Last night Ann Althouse blogged on Laura Bush's "surprisingly risqué" turn at the White House Correspondents Dinner, and this morning I saw the clip on This Week. I can't find a complete transcript, but if you read this and this you'll pretty much get it all.
"Nine o'clock and Mr. Excitement here is in bed, and I am watching 'Desperate Housewives' — with Lynne Cheney. Ladies and gentlemen, I am a desperate housewife."
"I'm proud of George," she told the ballroom. "He's learned a lot about ranching since that first year he tried to milk a horse." Pause. "It was a male horse." Pandemonium ensued...
Because I had just read Frank Rich's column about the new book South Park Conservatives: The Revolt Against Liberal Media Bias, by Brian C. Anderson of the conservative think tank The Manhattan Institute, I was able to put Mrs. Bush's remarks in a context. (I don't share Frank Rich's worldview. I do read him.)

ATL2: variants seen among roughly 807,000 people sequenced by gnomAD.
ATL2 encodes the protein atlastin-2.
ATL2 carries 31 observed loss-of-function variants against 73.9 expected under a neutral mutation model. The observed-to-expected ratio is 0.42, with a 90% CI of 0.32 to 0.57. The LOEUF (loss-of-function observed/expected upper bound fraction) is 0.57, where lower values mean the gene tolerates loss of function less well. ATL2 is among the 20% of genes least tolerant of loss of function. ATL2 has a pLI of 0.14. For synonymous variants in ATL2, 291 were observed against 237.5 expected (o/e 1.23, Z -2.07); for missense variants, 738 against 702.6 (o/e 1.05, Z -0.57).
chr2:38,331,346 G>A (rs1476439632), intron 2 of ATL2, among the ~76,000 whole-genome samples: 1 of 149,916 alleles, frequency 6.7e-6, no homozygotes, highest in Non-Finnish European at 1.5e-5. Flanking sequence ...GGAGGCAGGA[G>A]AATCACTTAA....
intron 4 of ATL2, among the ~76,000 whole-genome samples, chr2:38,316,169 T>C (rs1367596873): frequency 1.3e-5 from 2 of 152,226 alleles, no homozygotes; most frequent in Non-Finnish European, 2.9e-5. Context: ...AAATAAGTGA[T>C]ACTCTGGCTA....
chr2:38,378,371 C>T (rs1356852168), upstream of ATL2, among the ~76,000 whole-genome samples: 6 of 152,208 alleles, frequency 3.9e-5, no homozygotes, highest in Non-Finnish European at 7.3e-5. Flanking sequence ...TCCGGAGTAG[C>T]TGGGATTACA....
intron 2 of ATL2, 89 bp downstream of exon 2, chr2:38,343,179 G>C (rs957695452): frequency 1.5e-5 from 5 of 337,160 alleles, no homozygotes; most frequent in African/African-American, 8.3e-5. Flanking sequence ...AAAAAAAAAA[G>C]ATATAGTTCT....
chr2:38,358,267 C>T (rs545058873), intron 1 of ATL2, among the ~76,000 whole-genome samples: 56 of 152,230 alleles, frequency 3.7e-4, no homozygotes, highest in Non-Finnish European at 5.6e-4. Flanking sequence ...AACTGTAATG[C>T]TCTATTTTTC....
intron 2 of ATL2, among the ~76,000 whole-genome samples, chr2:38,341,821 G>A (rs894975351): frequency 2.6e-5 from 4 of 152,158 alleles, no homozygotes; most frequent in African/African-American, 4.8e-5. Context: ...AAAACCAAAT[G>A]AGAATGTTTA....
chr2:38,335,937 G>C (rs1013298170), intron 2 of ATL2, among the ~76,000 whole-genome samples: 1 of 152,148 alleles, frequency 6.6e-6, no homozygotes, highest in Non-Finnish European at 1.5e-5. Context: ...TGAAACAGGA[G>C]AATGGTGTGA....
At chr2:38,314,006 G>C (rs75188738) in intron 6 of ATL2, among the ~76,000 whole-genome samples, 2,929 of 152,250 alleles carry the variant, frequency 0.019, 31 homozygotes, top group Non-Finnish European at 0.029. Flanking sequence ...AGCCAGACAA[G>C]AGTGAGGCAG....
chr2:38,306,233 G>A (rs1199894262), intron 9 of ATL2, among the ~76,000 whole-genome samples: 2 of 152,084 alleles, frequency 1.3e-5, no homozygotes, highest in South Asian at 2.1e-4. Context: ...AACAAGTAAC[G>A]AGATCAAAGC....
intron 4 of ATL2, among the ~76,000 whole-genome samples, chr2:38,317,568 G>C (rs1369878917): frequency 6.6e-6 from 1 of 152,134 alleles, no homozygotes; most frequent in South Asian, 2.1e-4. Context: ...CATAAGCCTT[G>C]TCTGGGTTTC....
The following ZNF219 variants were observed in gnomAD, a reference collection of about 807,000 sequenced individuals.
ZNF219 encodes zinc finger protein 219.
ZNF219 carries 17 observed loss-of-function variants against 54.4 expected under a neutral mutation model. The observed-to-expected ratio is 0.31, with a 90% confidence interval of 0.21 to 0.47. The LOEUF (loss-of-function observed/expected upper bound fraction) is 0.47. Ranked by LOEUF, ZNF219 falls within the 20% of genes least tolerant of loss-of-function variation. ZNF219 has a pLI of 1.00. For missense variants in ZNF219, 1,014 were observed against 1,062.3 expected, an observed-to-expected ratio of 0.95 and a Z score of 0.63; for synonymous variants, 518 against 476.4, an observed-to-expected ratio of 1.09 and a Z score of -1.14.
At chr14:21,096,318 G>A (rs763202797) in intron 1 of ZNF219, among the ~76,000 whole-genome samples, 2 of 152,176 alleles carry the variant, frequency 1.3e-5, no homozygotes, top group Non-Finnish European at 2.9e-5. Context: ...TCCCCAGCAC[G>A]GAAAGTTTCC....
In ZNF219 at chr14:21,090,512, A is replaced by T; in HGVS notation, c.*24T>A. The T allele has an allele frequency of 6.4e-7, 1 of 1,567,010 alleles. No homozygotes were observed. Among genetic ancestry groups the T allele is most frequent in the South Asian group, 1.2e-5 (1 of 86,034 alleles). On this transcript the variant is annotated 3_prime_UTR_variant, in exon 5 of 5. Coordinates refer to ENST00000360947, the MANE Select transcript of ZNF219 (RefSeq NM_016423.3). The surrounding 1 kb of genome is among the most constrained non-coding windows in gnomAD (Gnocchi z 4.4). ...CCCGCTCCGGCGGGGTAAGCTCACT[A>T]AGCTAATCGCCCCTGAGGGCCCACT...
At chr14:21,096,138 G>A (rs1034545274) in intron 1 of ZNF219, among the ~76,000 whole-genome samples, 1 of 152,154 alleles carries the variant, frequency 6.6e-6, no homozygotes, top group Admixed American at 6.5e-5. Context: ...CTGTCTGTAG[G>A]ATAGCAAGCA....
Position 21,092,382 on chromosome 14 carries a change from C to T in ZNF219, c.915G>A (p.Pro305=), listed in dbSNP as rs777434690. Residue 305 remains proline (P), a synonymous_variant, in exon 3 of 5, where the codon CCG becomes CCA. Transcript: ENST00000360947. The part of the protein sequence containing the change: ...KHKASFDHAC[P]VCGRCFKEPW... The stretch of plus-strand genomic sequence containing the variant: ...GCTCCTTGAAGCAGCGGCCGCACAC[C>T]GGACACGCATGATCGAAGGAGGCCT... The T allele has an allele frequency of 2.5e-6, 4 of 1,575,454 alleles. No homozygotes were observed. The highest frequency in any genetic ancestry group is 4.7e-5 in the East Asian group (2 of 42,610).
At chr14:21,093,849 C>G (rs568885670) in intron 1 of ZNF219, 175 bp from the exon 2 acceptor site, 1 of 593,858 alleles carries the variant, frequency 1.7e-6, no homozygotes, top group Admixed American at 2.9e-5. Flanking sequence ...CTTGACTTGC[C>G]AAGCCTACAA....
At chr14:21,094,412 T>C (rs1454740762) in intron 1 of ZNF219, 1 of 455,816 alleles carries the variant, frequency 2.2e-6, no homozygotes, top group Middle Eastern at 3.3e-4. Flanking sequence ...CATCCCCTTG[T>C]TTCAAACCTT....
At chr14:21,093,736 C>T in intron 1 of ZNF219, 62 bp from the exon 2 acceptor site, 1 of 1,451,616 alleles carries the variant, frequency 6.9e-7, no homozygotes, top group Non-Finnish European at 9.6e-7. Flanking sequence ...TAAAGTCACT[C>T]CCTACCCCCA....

Nothing this White House does strikes me as off-the-cuff or uncalculated in its impact. The down-home raunchiness, the perfectly placed pop-culture reference -- I suspect these are part of a just-American-folks, suburban-outreach strategy, of a seamless piece with George's demurral that "faith is a personal issue" in last week's press conference. "South Park" is both foul-mouthed and anti-PC. By embracing it, conservatives show that they're not succumbing to their own right-wing version of nanny-state political correctness. Guess what! We're grown-ups. We have a life below the belt. We can take a joke -- and make one. We are not out to censor harmless fun. Just another correction in their great tightrope balancing dance between the James Dobson and Dennis Miller constituencies.